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Chicago Country Music Festival, Chicago, IL

Video Transcript

ARI JAFFE: My name is Ari Jaffe. I'm a physician specializing in lung disease and I work at the University of Illinois at Chicago and at the Jesse Brown VA. Well I see a lot of COPD being a pulmonologist and specifically working at the VA hospital. I don't know if people realize it's the 4th leading cause of death in the United States and the rates are climbing faster than the first 3 leading causes. In fact more women today die of COPD than men. So we need to be aware of this disorder not just in our veterans who smoke who are men but also in the women and in the general population.

MS: Well I was diagnosed last October right after running the Chicago last year with COPD.

FS: My father he had emphysema so he died 15 years ago and he was just 49 when he died. He spent the last 15 years of his life with that illness.

FS: I have an Aunt that has COPD and I see how she's suffering and I think it's really important to know. Well I know from personal experience of seeing her that she has difficulty breathing, she has difficulty walking very far because she runs out of breath and it's absolutely debilitating for a woman in her 70s.

FS: I saw the COPD sign, my Dad died of COPD back in 1981. I can remember my Dad he was a heavy smoker and he would hang over the fence just trying to get air, trying to breathe, take in air.

FS: My husband has COPD and we've been dealing with it for about 10 years. You know what? I think it was gradual but we really didn't notice it because I would notice him being short of breath during certain things but it wasn't where it affected him that much. Then all of a sudden he got up one day, it was just like, you know he said there was like a rock on his chest and he just couldn't breathe.

ARI JAFFE: Well the test is really easy it's called spirometry it takes less than 5 minutes, all it takes is breathing into a tube as hard as you can, it's painless, it's quick. Many people don't realize how painless and quick it is.

MS: She just had me take a real deep breath and had me blow it all the way out even till there's nothing left and then get off of the machine right away. The whole thing took maybe a minute and a half.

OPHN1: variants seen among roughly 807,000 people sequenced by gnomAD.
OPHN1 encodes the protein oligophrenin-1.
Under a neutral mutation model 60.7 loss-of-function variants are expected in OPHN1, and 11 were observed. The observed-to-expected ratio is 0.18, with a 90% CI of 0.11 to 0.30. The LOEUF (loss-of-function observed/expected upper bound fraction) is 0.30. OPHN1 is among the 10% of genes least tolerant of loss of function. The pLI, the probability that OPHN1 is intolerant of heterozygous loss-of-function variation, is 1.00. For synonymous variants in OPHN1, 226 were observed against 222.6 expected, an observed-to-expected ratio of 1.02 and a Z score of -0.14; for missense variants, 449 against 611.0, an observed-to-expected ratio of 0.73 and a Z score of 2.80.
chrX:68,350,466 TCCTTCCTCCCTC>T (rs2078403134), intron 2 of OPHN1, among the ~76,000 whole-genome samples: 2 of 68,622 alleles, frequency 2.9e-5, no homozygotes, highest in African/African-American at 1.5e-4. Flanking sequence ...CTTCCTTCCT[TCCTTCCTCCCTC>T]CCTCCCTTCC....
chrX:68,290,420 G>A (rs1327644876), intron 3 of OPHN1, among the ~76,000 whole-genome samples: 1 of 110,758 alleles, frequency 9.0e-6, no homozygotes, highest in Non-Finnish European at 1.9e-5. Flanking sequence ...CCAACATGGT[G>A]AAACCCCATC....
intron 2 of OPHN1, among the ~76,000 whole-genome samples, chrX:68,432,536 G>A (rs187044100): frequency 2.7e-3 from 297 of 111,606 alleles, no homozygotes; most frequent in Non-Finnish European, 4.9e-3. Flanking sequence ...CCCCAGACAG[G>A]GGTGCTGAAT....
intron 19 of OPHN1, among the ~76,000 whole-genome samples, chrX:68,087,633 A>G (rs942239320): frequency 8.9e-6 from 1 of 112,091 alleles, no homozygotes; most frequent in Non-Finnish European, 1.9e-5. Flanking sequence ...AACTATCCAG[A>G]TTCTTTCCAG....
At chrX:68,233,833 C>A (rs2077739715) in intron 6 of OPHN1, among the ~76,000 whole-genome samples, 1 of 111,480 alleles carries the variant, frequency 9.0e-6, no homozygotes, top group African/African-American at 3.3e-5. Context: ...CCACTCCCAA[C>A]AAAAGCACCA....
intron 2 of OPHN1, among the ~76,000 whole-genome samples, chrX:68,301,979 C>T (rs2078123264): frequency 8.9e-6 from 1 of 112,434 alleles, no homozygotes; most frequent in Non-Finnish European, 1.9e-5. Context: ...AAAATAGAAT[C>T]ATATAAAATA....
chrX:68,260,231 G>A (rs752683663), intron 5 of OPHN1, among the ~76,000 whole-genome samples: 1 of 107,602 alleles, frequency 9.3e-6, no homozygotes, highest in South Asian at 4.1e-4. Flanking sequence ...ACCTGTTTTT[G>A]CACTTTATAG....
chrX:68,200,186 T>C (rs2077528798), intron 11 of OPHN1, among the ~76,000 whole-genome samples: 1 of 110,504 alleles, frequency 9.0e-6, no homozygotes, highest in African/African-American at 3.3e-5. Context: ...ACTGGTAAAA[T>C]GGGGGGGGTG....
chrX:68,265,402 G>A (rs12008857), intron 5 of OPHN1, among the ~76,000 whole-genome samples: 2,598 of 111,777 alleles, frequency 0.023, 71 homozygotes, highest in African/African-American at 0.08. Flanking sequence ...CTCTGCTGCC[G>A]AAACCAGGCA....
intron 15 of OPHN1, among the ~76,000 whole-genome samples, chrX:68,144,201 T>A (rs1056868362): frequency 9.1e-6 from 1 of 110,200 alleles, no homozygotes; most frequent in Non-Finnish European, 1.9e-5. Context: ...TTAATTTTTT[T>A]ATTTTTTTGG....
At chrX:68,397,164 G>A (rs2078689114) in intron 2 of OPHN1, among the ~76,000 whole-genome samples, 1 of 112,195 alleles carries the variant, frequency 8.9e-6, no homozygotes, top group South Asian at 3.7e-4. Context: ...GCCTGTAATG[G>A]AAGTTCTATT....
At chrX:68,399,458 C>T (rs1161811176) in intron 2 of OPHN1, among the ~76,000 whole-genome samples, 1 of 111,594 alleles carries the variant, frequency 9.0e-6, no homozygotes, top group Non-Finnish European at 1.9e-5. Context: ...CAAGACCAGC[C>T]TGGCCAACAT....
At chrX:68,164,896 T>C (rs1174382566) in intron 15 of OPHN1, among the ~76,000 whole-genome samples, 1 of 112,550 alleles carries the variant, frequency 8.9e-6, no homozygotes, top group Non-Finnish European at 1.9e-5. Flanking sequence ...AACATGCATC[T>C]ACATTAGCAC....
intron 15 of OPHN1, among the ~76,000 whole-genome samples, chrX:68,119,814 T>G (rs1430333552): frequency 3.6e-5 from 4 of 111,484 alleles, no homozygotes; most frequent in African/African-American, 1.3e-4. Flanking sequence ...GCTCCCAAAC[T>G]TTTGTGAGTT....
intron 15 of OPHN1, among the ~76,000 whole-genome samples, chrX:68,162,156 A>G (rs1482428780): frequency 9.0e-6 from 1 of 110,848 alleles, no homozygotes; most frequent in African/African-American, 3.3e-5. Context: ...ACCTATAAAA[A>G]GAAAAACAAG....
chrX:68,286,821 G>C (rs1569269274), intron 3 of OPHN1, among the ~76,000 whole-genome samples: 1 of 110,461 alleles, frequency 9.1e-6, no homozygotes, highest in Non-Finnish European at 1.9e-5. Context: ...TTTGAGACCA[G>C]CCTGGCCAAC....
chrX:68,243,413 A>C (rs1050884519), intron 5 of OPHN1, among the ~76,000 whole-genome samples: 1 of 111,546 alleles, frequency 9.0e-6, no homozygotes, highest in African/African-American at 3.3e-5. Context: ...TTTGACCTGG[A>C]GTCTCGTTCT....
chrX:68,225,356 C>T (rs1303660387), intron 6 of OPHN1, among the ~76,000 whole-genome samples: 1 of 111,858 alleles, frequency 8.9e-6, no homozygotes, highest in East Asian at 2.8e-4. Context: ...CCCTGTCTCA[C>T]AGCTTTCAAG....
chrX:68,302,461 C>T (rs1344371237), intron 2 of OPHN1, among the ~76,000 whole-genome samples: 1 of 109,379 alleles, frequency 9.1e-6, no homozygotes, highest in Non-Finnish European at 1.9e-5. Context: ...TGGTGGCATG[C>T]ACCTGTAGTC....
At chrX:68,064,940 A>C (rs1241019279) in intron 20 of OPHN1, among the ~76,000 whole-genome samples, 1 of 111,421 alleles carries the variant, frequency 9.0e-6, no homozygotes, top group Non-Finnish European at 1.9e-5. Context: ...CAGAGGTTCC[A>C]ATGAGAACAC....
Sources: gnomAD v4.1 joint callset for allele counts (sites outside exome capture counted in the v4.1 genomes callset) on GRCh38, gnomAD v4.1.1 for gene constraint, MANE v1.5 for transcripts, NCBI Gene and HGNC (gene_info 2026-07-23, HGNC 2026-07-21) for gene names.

FS: You just have to take a really, really deep breath and then hold your nose, she told me was a good trick. And then breathe out for 6 seconds and she has a little computer and it does all the math for her.

ARI JAFFE: Patients sometimes are a little nervous about finding out if they do have a disability or if they do have signs or symptoms

that may be suggestive of COPD. But if they're smokers, they may have cough or other signs and symptoms, shortness of breath. They should get tested, it's easy, it doesn't hurt.

MS: I developed respiratory disease. I got pneumonia. Then I went through a series of tests over the last year, it's helpful to understand what, what it is, you know how, like I said how to try to minimize the things that you know affect you.

FS: When somebody in your family has COPD it's not only affecting that person, it affects everybody in the family. It affects the grandkids, the kids, I mean you know he can't pickup the grandkids like he wants to, he can't go out and play with them like he wants to. The doctor and myself and my husband actually you know how a bunch of visits to get him setup on the program which is very important because my husband wouldn't be able to function now if we didn't watch his disease and take care of his disease.

MS: Work with your doctor on a treatment plan to try to make sure you get on the right medication and, and live as healthy as you can.

ARI JAFFE: Well I see patients with COPD everyday and too often I see them too late. I'd much rather see them much earlier where we can try and do interventions that may help them quit smoking and maybe make their life and certainly improve the quality of life with some of the opportunities we have for treatment both with lifestyle and with medication.

FS: When you're not breathing correctly your whole life, it seems different.

FS: Well I learned that you know, you may think that you're okay, and you really need to stop and find out how things are with you as far as your lungs, so I learned something today that I didn't know so now I can follow up with that.